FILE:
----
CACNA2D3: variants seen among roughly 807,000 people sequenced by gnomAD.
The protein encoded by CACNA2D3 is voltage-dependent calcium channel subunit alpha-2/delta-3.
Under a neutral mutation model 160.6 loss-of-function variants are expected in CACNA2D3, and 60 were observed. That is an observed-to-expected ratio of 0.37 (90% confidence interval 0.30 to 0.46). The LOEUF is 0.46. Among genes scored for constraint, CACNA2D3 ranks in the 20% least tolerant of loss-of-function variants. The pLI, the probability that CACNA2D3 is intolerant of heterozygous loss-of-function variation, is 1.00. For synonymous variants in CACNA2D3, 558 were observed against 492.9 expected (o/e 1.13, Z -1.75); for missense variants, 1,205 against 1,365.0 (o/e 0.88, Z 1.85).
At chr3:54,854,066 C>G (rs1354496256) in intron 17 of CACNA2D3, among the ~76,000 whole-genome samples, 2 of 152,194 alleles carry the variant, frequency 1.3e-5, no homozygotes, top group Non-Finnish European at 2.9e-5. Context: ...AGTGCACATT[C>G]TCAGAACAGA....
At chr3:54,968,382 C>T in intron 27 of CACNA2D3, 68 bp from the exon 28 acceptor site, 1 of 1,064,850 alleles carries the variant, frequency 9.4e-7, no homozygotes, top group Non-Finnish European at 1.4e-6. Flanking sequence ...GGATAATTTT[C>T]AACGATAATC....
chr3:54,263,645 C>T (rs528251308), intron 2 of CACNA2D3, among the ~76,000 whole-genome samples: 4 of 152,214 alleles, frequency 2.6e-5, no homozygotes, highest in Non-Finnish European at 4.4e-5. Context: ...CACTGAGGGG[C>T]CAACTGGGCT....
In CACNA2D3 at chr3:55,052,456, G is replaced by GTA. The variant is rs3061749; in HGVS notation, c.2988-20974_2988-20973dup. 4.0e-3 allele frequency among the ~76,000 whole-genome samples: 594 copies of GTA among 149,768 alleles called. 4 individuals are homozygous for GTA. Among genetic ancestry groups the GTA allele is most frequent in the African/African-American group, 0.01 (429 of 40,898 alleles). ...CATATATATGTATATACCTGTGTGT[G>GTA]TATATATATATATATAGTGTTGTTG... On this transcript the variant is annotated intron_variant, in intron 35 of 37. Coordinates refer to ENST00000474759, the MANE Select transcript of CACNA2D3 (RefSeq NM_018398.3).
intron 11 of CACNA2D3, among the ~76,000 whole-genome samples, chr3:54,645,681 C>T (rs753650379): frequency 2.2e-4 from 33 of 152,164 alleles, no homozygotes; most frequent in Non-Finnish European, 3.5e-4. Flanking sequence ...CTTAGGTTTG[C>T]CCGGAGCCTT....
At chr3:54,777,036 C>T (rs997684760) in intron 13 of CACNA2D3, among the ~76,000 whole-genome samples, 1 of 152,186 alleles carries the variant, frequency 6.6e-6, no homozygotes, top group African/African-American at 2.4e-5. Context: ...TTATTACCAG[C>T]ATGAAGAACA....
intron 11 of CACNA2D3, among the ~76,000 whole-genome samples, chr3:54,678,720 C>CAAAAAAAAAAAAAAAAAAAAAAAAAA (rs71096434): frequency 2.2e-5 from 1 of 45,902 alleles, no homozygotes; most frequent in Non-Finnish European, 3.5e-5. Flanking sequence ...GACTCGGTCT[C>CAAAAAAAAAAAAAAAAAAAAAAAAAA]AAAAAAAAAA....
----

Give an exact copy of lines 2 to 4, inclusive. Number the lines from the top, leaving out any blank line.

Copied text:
The protein encoded by CACNA2D3 is voltage-dependent calcium channel subunit alpha-2/delta-3.
Under a neutral mutation model 160.6 loss-of-function variants are expected in CACNA2D3, and 60 were observed. That is an observed-to-expected ratio of 0.37 (90% confidence interval 0.30 to 0.46). The LOEUF is 0.46. Among genes scored for constraint, CACNA2D3 ranks in the 20% least tolerant of loss-of-function variants. The pLI, the probability that CACNA2D3 is intolerant of heterozygous loss-of-function variation, is 1.00. For synonymous variants in CACNA2D3, 558 were observed against 492.9 expected (o/e 1.13, Z -1.75); for missense variants, 1,205 against 1,365.0 (o/e 0.88, Z 1.85).
At chr3:54,854,066 C>G (rs1354496256) in intron 17 of CACNA2D3, among the ~76,000 whole-genome samples, 2 of 152,194 alleles carry the variant, frequency 1.3e-5, no homozygotes, top group Non-Finnish European at 2.9e-5. Context: ...AGTGCACATT[C>G]TCAGAACAGA....